HealthCommentary

Exploring Human Potential

Partnership to Sustain America’s Health Care Past

Posted on | March 4, 2019 | No Comments

The Partnership for America’s Health Care Future – not.

Mike Magee

On the surface, there appears to be a fair amount of finger-pointing going on among and between members of the Medical Industrial Complex these days. But this circular firing squad has no bullets. Behind the scenes the founding MIC members are busy colluding,  sharing profits and defending the status quo.

Case in point: The Partnership for America’s Health Care Future. It is a faux-partnership whose real purpose is to preserve the past rather then chart a progressive future. 

The party line, voiced by the CEO of the for-profit hospital association (a member), is “We have a structure that frankly works for most Americans. Let’s make it work for all Americans. We reject the notion that we need to turn the whole apple cart over and start all over again.”

It’s a slippery coalition, but it’s main members pack a wallop. When you go to the website, its 27 members are represented by logos with no active links. It’s one of those lobbying efforts that’s intentionally on the “down-low”; a quasi-organization whose name may soon appear as a tag line on a third generation of  “Harry and Louise” ads.

In the interest of transparency, here’s a list of the 27, segregated into Leaders, Followers, and Facilitators.

Leaders:

1. American Medical Association (AMA) – the doctors

2. American Hospital Association (AHA) – the non-profit hospitals

3. Federation of American Hospitals (FAH) – the for-profit hospitals

3. America’s Health Insurance Plans (AHIP) – the major insurers

4. Pharmaceutical Research and Manufacturing Association (PhRMA) – the drug makers

5. Biotechnology Innovation Organization (Bio) – the biotechnology companies

6. Association for Accessible Medicines (aam) – the generic drug producers

7. Council of Insurance Agents and Brokers (The Council) – the health insurance brokers

8. Healthcare Leadership Council (HLC) – the coalition of MIC CEO’s

9. National Association of Insurance and Financial Advisers (NAIFA) -The financial/insurance industry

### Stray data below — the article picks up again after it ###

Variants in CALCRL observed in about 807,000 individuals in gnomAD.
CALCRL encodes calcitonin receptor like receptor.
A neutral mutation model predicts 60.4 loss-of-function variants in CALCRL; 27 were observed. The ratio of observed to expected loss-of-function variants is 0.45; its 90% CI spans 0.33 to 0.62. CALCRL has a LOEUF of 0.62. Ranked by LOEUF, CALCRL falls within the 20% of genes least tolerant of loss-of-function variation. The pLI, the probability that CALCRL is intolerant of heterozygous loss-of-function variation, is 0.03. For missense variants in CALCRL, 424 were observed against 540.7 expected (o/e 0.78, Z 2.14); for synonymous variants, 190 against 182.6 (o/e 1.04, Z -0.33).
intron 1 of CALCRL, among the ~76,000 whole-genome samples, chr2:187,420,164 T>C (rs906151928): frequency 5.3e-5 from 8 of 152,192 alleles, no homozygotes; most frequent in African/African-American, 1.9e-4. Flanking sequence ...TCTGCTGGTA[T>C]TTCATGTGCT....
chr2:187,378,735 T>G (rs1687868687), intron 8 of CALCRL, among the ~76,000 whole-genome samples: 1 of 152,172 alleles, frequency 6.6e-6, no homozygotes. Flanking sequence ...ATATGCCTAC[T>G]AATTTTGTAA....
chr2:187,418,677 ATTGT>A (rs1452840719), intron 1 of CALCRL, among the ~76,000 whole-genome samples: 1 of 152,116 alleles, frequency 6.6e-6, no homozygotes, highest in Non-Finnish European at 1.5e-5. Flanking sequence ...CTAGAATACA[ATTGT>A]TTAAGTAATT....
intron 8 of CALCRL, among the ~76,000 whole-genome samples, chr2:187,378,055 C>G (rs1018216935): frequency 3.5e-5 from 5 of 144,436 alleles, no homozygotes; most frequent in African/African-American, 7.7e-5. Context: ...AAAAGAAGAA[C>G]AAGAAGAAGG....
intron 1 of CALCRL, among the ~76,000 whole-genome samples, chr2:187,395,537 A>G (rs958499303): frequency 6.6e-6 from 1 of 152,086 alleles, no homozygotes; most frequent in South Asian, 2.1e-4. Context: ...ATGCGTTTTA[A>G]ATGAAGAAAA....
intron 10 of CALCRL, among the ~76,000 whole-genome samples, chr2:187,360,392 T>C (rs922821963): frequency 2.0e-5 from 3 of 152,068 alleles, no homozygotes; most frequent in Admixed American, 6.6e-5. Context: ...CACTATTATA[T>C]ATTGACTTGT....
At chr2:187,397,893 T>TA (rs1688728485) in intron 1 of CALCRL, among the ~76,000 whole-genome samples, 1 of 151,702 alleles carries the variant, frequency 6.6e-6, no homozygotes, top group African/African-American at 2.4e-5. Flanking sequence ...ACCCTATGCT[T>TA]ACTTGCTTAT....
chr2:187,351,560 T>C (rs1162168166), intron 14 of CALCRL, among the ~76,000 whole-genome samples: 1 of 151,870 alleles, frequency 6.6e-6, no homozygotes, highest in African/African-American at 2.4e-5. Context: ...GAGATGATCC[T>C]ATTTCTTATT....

10. National Association of Health Underwriters (NAHU)

Followers:

1. Blue Cross/Blue Shield

2. Hospital Corporation of America (HCA)

3. Ascension Health (largest Catholic HC System)

4. Ardent Health Services

5. Community Health Systems (CHS)

6. Life Point Health (Holding Company for 70 health care institutions)

7. Tenet Health

8. UHS (Universal Health Services) – manages 350 hospitals

9. Texas Health Resources (faith based 29 hospital system)

10. Premier Inc. (Health Data mining company)

11. Life Point Health (Holding Company for 70 health care institutions)

12. BC/BS of North Dakota

13. North Dakota Medical Association (NDMA)

14. American College of Radiology

Facilitators:

1. National Osteoporosis Association

2. Retire Safe

3. healthy women

The Facilitators are only three in number now, but are certain to grow. They have in common a heavy financial dependency (either as grantees or clients)  on and history with the Leaders. For example, the National Osteoporosis Foundation has been in the middle of the “Vitamin D for all” research controversy. Retire Safe is an industry dependent alternative to the AARP. And then there’s “healthy women” marketed as “the nation’s leading independent, nonprofit health information source for women.”

When you look under the hood of MIC facilitator organizations, you will find extensive lists of professional and corporate “advisers”. This helps reveal the association’s funding, and often the quid pro quo behind their financial survival. But for a look at daily operations and priorities, examine the affiliations of Board members.

For example, here are the Board members for healthy women: 

Violet Aldaia (Vice Chair), SVP Omnicom, former Viagra marketer for Pfizer

Julia M. Amadio, Chief Product Officer at TherapeuticsMD

Kristin Cahill, President GCI Health, North America

Nancy Glick, SVP MS&L

Amy Landucci, CIO of GSKs Consumer Health

Wes Metheny, former PhRMA SVP of Advocacy

Brian O’Connor, VP of Alliance Development for AdvaMed

Oxana K. Pickeral, Ph.D., MBA (Immediate Past Chair), President BioVenture LLC, former Booz Allen Life Sciences practice

Elisabeth Ritz, former Eli Lilly Global Communications, former consultant to Edelman, Hill&Knowlton and Ogilvy.

Kristina K. Saunders, CFP, CIMA, SVP Farr, Miller & Washington

Lynn A. Taylor, SVP Government Relations Merck KGaA, Germany

Tomeka Thomas, Director at Cigna/Bravo Health Springs, former UHC Evercare

Tamar R. Thompson (Chair), Exec. Dir. State Government Relations, Bristol Myers Squibb

Christine Verini (Treasurer), VP Corporate Communications and Advocacy Eisai Inc

They share in common health industry backgrounds, either as employees or clients, with a heavy emphasis on government relations and advocacy, PR communications and marketing. They are likely deeply involved in charting the communications and advocacy strategy for The Partnership for America’s Health Care Future.

Some of these vibrant and conflicted service organizations do great good. They are part of America’s “thousand points of light” – our nation’s answer to the lack of funding and support for national health planning, prevention, and social service integration seen in all other developed nations. This disintegrated health services network survives on the crumbs of a federally underwritten, profit seeking MIC.

Our facilitating “patient service” organizations like healthy women are charitably funded by MIC members, and in return are expected to defend their flanks against progressive reforms and appropriate checks and balances. 

Camouflaged as a “partnership for America’s health care future”, what this is in reality is a partnership to sustain America’s health care past.

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